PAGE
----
US Wants NATO Troops in West Bank

CAIRO – The United States is pressing for the deployment of NATO troops in the West Bank to facilitate an Israeli withdrawal from the occupied territory, as a senior Palestinian negotiator threatened unilateral independence over stalled peace talks.

"The deployment of such a force has come up in talks, and Jones is known to be working on it," a senior Israeli defense official told The Jerusalem Post on Wednesday, February 20, referring to US special envoy Gen. James Jones.

"At the moment, it’s just an idea and has yet to be accepted or adopted by Israel."

The plan calls for deploying third-party troops in the West Bank to secure the area when Israeli troops withdraw until the Palestinian Authority is able to take over full security control.

Israeli Defense Minister Ehud Barak has been briefed on the US plan and has not yet finalized his position.

Israel has traditionally been hostile to any suggestions of deploying foreign troops in the occupied Palestinian territories.

US Ambassador to Israel Richard Jones on Tuesday, February 19, hinted at the possibility of deploying an international force in the occupied West Bank.

The plan is being discussed with European countries which could contribute troops to the force, said the Post.


In another development, a top aide to Palestinian President Mahmoud Abbas threatened to declare unilateral independence if no progress was made in peace talks with Israel.

"If things are not going in the direction of actually halting settlement activities, if things are not going in the direction of continuous and serious negotiations, then we should take the step and announce our independence unilaterally," Yasser Abed Rabbo told Reuters.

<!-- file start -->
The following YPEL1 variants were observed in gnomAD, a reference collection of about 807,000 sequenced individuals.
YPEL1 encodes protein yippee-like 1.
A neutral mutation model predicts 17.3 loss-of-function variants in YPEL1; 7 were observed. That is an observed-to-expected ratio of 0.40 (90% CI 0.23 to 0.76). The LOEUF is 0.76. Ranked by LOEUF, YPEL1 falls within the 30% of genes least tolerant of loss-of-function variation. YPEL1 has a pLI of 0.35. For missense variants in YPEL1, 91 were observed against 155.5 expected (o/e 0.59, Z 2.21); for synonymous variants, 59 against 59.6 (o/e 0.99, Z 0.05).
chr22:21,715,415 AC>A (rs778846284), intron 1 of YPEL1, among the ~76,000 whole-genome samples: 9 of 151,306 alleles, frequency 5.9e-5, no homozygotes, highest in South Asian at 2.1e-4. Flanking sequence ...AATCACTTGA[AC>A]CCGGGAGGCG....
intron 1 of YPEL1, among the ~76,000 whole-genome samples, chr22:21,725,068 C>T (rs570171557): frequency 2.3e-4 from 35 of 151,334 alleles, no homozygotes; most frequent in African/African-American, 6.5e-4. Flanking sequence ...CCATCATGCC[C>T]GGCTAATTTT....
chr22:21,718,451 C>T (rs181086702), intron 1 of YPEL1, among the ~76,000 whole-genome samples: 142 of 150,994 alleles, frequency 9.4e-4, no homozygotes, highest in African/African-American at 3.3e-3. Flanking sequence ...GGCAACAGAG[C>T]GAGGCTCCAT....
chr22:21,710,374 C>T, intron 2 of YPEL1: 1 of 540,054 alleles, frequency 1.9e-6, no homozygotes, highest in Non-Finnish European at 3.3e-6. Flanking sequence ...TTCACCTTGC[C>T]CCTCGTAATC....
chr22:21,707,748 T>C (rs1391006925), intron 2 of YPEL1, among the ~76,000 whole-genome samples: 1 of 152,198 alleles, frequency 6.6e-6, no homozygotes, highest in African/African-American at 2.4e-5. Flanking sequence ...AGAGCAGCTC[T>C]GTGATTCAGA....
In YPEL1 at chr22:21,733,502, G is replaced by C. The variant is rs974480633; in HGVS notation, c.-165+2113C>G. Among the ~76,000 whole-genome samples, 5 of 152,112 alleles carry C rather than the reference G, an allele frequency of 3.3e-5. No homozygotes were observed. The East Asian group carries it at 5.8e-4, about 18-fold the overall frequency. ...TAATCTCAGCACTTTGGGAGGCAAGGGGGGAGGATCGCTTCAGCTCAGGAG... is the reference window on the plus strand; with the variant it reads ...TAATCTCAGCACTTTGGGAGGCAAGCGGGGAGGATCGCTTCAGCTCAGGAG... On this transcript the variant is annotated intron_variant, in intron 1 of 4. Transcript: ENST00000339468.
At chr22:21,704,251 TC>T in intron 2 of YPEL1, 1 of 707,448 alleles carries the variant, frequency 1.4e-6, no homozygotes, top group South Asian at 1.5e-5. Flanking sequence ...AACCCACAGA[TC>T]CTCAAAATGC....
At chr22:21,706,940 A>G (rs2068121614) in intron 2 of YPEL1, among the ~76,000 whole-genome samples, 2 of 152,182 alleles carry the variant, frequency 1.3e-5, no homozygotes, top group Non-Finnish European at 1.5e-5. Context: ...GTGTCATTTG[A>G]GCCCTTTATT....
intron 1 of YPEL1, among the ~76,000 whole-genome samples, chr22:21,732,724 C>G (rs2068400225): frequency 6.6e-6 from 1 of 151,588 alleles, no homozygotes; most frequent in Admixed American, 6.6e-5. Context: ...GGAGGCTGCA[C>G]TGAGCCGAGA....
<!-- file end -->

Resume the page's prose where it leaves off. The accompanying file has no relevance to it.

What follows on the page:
"This is what the Israelis are driving us to," he later told the Voice of Palestine radio.

Abed Rabbo said the Palestinians have the same right to declare independence as Muslim-majority Kosovo which declared independence from Serbia on Sunday.

"We deserve independence even before Kosovo, and we ask for the backing of the United States and the European Union for our independence."

But senior Palestinian negotiator Saeb Erekat immediately ruled out such a possibility.

"Now we need real independence, not a declaration. We need real independence by ending the occupation. We are not Kosovo."

It was not yet clear where Abbas, who met Israeli Premier Ehud Olmert on Tuesday, February 19, for a new round of talks, stands.

Peace negotiations have been stalled by disputes over Israeli plans to build new settlements near occupied East Jerusalem and insistence on putting off talks on the fate of the holy city for now.

Israel occupied East Jerusalem after the 1967 Mideast war before annexing it in a move not recognized by the international community.

The fate of the holy city, home to Islam’s third holiest shrine, remains the thorniest issue of the entire Arab-Israeli conflict.
( and agencies)

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